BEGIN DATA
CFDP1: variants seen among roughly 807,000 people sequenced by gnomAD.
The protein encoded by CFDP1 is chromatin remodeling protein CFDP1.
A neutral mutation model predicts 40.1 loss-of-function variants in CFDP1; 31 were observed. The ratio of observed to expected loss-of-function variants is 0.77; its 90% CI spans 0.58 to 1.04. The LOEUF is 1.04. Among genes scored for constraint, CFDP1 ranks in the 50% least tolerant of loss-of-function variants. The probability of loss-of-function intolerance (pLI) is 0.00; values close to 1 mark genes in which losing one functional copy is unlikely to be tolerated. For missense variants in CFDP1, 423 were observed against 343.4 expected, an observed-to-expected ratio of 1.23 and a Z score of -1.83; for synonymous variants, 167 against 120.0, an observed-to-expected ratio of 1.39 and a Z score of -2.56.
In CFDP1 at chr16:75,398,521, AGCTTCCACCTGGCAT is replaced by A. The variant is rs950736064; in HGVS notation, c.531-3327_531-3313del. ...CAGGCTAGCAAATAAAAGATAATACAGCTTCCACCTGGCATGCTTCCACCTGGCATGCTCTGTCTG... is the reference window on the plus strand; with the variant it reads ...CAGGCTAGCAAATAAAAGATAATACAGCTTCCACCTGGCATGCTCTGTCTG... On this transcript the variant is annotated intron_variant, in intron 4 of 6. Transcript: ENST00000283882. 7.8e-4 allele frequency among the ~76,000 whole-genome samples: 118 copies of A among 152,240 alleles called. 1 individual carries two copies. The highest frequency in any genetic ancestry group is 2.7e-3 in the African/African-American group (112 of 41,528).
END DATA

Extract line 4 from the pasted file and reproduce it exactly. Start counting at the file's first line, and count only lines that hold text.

In CFDP1 at chr16:75,398,521, AGCTTCCACCTGGCAT is replaced by A. The variant is rs950736064; in HGVS notation, c.531-3327_531-3313del. ...CAGGCTAGCAAATAAAAGATAATACAGCTTCCACCTGGCATGCTTCCACCTGGCATGCTCTGTCTG... is the reference window on the plus strand; with the variant it reads ...CAGGCTAGCAAATAAAAGATAATACAGCTTCCACCTGGCATGCTCTGTCTG... On this transcript the variant is annotated intron_variant, in intron 4 of 6. Transcript: ENST00000283882. 7.8e-4 allele frequency among the ~76,000 whole-genome samples: 118 copies of A among 152,240 alleles called. 1 individual carries two copies. The highest frequency in any genetic ancestry group is 2.7e-3 in the African/African-American group (112 of 41,528).